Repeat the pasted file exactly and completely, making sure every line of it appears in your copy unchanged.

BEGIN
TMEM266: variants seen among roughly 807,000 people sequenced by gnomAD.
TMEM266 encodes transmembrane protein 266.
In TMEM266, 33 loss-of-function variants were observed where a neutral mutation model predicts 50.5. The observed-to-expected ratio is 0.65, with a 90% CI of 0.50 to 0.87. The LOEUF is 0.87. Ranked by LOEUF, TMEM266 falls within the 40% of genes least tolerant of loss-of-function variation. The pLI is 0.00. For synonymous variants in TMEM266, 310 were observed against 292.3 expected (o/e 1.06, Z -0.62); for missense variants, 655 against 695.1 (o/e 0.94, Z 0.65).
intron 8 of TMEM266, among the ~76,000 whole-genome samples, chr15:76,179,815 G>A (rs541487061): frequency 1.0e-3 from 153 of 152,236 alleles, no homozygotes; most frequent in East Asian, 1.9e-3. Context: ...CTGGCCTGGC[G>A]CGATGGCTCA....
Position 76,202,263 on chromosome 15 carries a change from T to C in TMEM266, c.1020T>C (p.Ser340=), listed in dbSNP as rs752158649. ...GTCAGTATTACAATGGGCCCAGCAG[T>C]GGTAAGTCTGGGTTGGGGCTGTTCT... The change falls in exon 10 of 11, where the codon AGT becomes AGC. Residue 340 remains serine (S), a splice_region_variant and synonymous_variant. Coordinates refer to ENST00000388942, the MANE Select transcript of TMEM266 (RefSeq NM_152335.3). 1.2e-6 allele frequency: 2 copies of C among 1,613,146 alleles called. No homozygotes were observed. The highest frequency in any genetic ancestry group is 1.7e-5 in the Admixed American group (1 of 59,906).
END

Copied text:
TMEM266: variants seen among roughly 807,000 people sequenced by gnomAD.
TMEM266 encodes transmembrane protein 266.
In TMEM266, 33 loss-of-function variants were observed where a neutral mutation model predicts 50.5. The observed-to-expected ratio is 0.65, with a 90% CI of 0.50 to 0.87. The LOEUF is 0.87. Ranked by LOEUF, TMEM266 falls within the 40% of genes least tolerant of loss-of-function variation. The pLI is 0.00. For synonymous variants in TMEM266, 310 were observed against 292.3 expected (o/e 1.06, Z -0.62); for missense variants, 655 against 695.1 (o/e 0.94, Z 0.65).
intron 8 of TMEM266, among the ~76,000 whole-genome samples, chr15:76,179,815 G>A (rs541487061): frequency 1.0e-3 from 153 of 152,236 alleles, no homozygotes; most frequent in East Asian, 1.9e-3. Context: ...CTGGCCTGGC[G>A]CGATGGCTCA....
Position 76,202,263 on chromosome 15 carries a change from T to C in TMEM266, c.1020T>C (p.Ser340=), listed in dbSNP as rs752158649. ...GTCAGTATTACAATGGGCCCAGCAG[T>C]GGTAAGTCTGGGTTGGGGCTGTTCT... The change falls in exon 10 of 11, where the codon AGT becomes AGC. Residue 340 remains serine (S), a splice_region_variant and synonymous_variant. Coordinates refer to ENST00000388942, the MANE Select transcript of TMEM266 (RefSeq NM_152335.3). 1.2e-6 allele frequency: 2 copies of C among 1,613,146 alleles called. No homozygotes were observed. The highest frequency in any genetic ancestry group is 1.7e-5 in the Admixed American group (1 of 59,906).